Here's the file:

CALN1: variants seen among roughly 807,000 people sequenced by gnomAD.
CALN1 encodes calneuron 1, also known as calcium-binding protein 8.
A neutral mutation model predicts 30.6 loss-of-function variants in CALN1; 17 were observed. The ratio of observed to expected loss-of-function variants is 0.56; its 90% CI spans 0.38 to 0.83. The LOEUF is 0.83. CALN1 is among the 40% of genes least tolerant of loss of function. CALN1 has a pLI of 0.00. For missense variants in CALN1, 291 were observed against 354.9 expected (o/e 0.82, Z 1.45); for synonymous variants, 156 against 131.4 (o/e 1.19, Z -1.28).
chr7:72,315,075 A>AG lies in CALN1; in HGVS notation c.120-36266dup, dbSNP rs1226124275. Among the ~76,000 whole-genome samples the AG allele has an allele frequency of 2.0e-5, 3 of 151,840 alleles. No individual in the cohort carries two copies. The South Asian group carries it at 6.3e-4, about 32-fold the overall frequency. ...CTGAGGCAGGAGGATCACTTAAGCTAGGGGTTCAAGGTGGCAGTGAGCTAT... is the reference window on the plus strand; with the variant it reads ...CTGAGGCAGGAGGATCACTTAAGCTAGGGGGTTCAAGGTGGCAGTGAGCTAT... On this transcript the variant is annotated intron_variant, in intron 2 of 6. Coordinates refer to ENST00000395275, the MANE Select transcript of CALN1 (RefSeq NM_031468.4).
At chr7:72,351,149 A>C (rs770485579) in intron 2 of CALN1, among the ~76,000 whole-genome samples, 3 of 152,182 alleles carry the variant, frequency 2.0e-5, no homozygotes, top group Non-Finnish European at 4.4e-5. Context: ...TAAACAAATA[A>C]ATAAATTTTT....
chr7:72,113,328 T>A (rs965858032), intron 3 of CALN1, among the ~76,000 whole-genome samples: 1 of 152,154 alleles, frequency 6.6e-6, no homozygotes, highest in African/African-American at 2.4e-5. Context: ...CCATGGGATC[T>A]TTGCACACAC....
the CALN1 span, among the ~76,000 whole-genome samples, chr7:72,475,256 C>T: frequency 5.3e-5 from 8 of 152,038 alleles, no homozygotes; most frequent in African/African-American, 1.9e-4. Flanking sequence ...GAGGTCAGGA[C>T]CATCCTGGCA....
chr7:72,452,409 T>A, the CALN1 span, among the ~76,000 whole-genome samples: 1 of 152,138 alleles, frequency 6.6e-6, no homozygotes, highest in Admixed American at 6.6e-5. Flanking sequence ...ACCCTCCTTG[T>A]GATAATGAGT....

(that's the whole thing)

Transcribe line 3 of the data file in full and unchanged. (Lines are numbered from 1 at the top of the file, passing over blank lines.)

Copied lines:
A neutral mutation model predicts 30.6 loss-of-function variants in CALN1; 17 were observed. The ratio of observed to expected loss-of-function variants is 0.56; its 90% CI spans 0.38 to 0.83. The LOEUF is 0.83. CALN1 is among the 40% of genes least tolerant of loss of function. CALN1 has a pLI of 0.00. For missense variants in CALN1, 291 were observed against 354.9 expected (o/e 0.82, Z 1.45); for synonymous variants, 156 against 131.4 (o/e 1.19, Z -1.28).